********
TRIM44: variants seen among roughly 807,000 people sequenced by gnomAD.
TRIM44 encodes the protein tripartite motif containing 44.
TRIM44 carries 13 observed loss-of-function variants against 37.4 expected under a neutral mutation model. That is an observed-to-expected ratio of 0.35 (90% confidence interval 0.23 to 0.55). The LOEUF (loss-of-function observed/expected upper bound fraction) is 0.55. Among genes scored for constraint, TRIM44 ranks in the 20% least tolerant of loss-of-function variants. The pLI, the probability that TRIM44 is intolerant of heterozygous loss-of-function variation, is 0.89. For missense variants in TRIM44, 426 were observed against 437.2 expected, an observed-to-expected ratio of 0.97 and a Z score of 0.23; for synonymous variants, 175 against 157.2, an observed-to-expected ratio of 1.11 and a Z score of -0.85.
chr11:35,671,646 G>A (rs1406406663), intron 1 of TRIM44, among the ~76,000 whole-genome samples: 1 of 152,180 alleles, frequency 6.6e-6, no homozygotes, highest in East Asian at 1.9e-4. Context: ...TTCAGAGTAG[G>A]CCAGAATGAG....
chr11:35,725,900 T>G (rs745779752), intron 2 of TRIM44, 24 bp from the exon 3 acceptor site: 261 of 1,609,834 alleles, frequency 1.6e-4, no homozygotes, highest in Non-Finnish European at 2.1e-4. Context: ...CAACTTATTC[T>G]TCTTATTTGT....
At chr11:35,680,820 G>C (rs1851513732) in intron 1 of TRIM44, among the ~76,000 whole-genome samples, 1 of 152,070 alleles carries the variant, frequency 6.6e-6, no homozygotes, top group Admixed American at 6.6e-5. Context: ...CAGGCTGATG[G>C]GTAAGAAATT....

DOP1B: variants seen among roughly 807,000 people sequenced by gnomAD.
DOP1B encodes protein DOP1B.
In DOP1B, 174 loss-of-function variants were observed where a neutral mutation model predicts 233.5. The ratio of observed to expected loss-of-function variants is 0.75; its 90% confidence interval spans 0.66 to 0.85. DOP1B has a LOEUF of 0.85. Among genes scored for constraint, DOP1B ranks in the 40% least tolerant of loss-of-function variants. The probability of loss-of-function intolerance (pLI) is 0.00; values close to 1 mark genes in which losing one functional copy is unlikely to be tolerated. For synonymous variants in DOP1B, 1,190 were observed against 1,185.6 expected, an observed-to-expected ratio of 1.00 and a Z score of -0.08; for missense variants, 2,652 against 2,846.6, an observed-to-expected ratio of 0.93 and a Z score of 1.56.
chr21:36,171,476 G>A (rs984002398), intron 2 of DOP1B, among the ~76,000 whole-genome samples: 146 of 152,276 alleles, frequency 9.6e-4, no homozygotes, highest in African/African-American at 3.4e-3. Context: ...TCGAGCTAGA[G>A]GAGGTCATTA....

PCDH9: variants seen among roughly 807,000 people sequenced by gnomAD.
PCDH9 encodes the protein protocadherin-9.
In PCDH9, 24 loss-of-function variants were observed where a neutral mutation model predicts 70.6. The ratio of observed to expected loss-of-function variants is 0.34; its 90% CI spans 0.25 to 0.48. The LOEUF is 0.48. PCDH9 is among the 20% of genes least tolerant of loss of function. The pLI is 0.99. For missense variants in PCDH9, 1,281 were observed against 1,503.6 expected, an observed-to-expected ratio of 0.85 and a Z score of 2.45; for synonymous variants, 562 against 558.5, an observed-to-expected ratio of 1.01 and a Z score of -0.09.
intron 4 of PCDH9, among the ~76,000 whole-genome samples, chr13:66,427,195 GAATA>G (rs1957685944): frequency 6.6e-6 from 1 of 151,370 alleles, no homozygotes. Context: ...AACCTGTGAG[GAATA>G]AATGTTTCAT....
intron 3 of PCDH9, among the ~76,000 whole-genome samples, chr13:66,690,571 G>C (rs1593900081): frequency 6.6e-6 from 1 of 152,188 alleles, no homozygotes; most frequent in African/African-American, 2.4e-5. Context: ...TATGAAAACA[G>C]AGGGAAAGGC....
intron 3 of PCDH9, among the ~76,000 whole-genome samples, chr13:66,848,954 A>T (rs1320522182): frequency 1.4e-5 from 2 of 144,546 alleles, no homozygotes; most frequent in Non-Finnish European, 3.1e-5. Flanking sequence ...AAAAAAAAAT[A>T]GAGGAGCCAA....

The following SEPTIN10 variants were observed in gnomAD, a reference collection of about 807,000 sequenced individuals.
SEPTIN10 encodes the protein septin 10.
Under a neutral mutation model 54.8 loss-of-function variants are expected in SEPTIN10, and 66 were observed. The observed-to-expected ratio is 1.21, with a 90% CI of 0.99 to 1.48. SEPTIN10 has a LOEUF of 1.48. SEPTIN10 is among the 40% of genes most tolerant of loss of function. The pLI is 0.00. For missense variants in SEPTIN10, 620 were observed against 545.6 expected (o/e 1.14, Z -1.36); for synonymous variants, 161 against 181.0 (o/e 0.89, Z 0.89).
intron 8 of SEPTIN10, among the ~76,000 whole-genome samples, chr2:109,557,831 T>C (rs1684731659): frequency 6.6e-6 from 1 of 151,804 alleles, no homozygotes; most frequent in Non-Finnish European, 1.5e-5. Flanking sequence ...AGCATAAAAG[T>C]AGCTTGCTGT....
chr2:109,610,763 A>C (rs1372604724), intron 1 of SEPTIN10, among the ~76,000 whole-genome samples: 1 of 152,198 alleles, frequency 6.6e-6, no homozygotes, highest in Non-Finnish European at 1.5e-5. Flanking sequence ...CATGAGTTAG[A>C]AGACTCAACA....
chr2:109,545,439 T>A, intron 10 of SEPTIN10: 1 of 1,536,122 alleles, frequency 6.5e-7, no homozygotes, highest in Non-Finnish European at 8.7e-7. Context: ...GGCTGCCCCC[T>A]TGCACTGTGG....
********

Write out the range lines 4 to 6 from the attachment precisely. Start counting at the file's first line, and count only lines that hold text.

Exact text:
chr11:35,671,646 G>A (rs1406406663), intron 1 of TRIM44, among the ~76,000 whole-genome samples: 1 of 152,180 alleles, frequency 6.6e-6, no homozygotes, highest in East Asian at 1.9e-4. Context: ...TTCAGAGTAG[G>A]CCAGAATGAG....
chr11:35,725,900 T>G (rs745779752), intron 2 of TRIM44, 24 bp from the exon 3 acceptor site: 261 of 1,609,834 alleles, frequency 1.6e-4, no homozygotes, highest in Non-Finnish European at 2.1e-4. Context: ...CAACTTATTC[T>G]TCTTATTTGT....
At chr11:35,680,820 G>C (rs1851513732) in intron 1 of TRIM44, among the ~76,000 whole-genome samples, 1 of 152,070 alleles carries the variant, frequency 6.6e-6, no homozygotes, top group Admixed American at 6.6e-5. Context: ...CAGGCTGATG[G>C]GTAAGAAATT....